March 9, 2016
While it is neither appropriate nor possible to speak out every time a member of our community posts a message in social media that is inconsistent with our principles of community, the matter is different when an elected leader of our student government engages in hateful forms of expression.
In his yearly campus message on “Free Speech in our Scholarly Community” Chancellor Gillman emphasizes the importance of supporting each other “when members of our community are subject to hateful, discriminatory and inflammatory personal attacks,” and urges us to “learn from each other in an atmosphere of positive engagement and mutual respect.” In defending fundamental rights of freedom of speech he points out that the best remedy for hateful or discriminatory speech is often more speech, not enforced silence, because “Hearing offensive viewpoints provides opportunities for those sentiments to be exposed, engaged and rebutted.”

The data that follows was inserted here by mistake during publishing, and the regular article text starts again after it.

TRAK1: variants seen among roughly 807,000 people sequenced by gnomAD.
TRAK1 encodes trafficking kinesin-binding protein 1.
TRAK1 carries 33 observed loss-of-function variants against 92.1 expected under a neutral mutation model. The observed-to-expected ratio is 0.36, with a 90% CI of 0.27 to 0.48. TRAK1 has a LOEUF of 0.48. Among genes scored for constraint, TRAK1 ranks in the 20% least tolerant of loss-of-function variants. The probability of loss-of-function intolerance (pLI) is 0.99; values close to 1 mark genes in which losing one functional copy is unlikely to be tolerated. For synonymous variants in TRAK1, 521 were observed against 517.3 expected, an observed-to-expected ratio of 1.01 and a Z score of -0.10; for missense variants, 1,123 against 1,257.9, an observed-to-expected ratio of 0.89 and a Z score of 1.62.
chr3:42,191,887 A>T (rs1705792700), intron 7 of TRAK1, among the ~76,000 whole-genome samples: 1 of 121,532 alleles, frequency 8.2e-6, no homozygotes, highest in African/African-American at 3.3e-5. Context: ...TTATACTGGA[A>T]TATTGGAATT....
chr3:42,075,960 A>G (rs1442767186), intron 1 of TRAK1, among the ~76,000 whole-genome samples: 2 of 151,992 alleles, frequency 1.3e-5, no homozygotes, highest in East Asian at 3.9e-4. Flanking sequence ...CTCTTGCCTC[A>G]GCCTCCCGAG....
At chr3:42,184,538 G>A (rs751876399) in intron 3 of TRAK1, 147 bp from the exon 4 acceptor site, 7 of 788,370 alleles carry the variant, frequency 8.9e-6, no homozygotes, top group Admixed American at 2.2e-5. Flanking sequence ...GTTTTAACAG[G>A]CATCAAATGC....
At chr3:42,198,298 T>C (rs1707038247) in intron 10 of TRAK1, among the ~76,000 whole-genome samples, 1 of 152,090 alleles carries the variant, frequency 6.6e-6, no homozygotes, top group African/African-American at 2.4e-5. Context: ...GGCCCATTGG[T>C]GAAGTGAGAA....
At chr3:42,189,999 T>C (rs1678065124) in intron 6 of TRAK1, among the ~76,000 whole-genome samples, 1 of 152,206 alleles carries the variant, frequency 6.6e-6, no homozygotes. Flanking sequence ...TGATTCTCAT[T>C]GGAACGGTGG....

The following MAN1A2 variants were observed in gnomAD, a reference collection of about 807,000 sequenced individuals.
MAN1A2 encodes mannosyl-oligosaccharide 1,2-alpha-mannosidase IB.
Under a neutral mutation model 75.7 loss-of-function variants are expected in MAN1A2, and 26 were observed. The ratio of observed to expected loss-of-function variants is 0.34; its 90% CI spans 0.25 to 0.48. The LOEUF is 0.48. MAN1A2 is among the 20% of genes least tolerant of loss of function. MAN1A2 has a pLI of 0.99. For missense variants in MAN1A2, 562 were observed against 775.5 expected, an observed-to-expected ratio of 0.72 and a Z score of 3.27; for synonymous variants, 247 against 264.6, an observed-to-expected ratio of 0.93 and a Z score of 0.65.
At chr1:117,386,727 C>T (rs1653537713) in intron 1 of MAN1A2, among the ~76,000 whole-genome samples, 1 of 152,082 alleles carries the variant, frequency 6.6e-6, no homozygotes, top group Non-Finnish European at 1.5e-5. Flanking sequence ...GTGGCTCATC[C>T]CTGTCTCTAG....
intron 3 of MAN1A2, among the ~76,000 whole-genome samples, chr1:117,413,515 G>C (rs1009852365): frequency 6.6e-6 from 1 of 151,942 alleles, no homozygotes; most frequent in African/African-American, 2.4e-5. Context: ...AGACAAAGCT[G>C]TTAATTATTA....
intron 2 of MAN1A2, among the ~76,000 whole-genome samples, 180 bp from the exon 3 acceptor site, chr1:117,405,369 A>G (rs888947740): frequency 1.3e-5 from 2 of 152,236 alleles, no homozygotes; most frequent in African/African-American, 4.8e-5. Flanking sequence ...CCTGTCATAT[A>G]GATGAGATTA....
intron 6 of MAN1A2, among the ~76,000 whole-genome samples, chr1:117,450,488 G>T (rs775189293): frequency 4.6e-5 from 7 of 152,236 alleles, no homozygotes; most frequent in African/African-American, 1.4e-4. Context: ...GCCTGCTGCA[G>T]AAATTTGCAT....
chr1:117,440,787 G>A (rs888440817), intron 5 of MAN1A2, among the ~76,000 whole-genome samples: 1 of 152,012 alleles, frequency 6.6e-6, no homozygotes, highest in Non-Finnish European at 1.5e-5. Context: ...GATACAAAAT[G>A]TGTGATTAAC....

Today I write to commend all members of our community who gathered last night and exercised their rights of freedom of expression to expose, engage, and rebut the sentiments recently expressed by one of our student government leaders. In doing so, I want to also acknowledge this as a teaching moment for our student whose behavior in this circumstance, even in light of his apology, might have fallen short of the goals and aspirations we suspect that he embraces as a student leader on campus.
Thomas A. Parham, Ph.D.